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Math Help - Applying maximum products to real life solutions?

  1. #1
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    Applying maximum products to real life solutions?

    I've been calculating all the different products from the splitting of pairs or triples or quadruples of numbers that sum to a specific number e.g. For number 12 - the pairs 11 and 1 = product of 11, the pairs 10 and 2 = product 20 with a maximum product in that range of pairs of 6 and 6 = 36. Then for the number 15 - the triples of 13 and 1 and 1 = product 13; then 12, 2, and 1 = 24 with a max product combination of 5,5, and 5 = 125.

    Then I made a formula for this pattern of identifying maximum products which for pairs is (n/2) to power of 2; for triples is (n/3) to power of three and so on.

    1. Does that make sense?

    2. What could be real life applications of being able to determine maximum products in this way - pairs, triples and something more numerically exotic?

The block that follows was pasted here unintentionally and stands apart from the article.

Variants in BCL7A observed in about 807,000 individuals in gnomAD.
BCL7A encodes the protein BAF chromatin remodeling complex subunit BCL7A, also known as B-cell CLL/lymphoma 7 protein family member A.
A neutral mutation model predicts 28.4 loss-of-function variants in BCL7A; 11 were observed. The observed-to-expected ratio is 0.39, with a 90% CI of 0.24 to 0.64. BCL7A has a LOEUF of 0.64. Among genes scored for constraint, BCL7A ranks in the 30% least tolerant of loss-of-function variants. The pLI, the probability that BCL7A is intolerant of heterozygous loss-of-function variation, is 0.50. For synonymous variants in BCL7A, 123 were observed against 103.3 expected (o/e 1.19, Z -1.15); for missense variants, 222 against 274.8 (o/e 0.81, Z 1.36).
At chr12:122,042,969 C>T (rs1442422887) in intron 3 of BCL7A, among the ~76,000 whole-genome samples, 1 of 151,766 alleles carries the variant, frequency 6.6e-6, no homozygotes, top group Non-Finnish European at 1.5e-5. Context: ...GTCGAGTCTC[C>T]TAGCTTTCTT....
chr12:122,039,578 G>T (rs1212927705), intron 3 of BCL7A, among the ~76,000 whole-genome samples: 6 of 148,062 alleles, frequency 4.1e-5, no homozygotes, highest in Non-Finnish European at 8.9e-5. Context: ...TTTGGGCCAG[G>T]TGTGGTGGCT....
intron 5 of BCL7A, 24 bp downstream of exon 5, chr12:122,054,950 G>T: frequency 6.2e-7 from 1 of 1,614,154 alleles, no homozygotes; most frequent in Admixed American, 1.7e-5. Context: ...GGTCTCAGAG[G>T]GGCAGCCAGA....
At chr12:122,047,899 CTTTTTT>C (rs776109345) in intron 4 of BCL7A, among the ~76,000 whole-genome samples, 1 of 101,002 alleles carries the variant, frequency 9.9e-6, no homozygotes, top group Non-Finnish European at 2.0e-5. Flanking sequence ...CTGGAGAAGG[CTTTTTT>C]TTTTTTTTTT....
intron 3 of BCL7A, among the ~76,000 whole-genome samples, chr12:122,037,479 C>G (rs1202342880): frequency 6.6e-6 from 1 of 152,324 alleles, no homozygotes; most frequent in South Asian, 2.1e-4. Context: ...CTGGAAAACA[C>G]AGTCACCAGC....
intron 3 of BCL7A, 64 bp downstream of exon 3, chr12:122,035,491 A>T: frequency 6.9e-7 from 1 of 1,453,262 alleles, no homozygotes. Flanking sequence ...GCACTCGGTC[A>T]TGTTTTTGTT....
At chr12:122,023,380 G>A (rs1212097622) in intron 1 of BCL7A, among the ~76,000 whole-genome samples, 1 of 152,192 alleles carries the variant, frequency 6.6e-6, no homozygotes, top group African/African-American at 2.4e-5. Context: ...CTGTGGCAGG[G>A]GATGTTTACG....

Thanks for advice and best wishes.

    Red.
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  2. #2
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    Quote Originally Posted by RedGeorgie View Post
    I've been calculating all the different products from the splitting of pairs or triples or quadruples of numbers that sum to a specific number e.g. For number 12 - the pairs 11 and 1 = product of 11, the pairs 10 and 2 = product 20 with a maximum product in that range of pairs of 6 and 6 = 36. Then for the number 15 - the triples of 13 and 1 and 1 = product 13; then 12, 2, and 1 = 24 with a max product combination of 5,5, and 5 = 125.

    Then I made a formula for this pattern of identifying maximum products which for pairs is (n/2) to power of 2; for triples is (n/3) to power of three and so on.

    1. Does that make sense?

    2. What could be real life applications of being able to determine maximum products in this way - pairs, triples and something more numerically exotic?

    Thanks for advice and best wishes.

    Red.
    If you want to maximize x_1x_2 ... x_k (of positive numbers) subject with the condition x_1 + x_2 + ... + x_k = n for a given integer n then you need to choose x_1 = x_2 = ... = x_k = \tfrac{n}{k}. One way to prove this result is by using Lagrange's multipliers. Define f(x_1,...,x_k) = x_1x_2...x_k and g(x_1,...,x_k) = x_1 + ... + x_k. Thus, you want to maximize f subject with g(x_1,...,x_k) = n. This means you need to satisfy \nabla f = k \nabla g \text{ and }g=n. From here solve for x_1,...,x_k.
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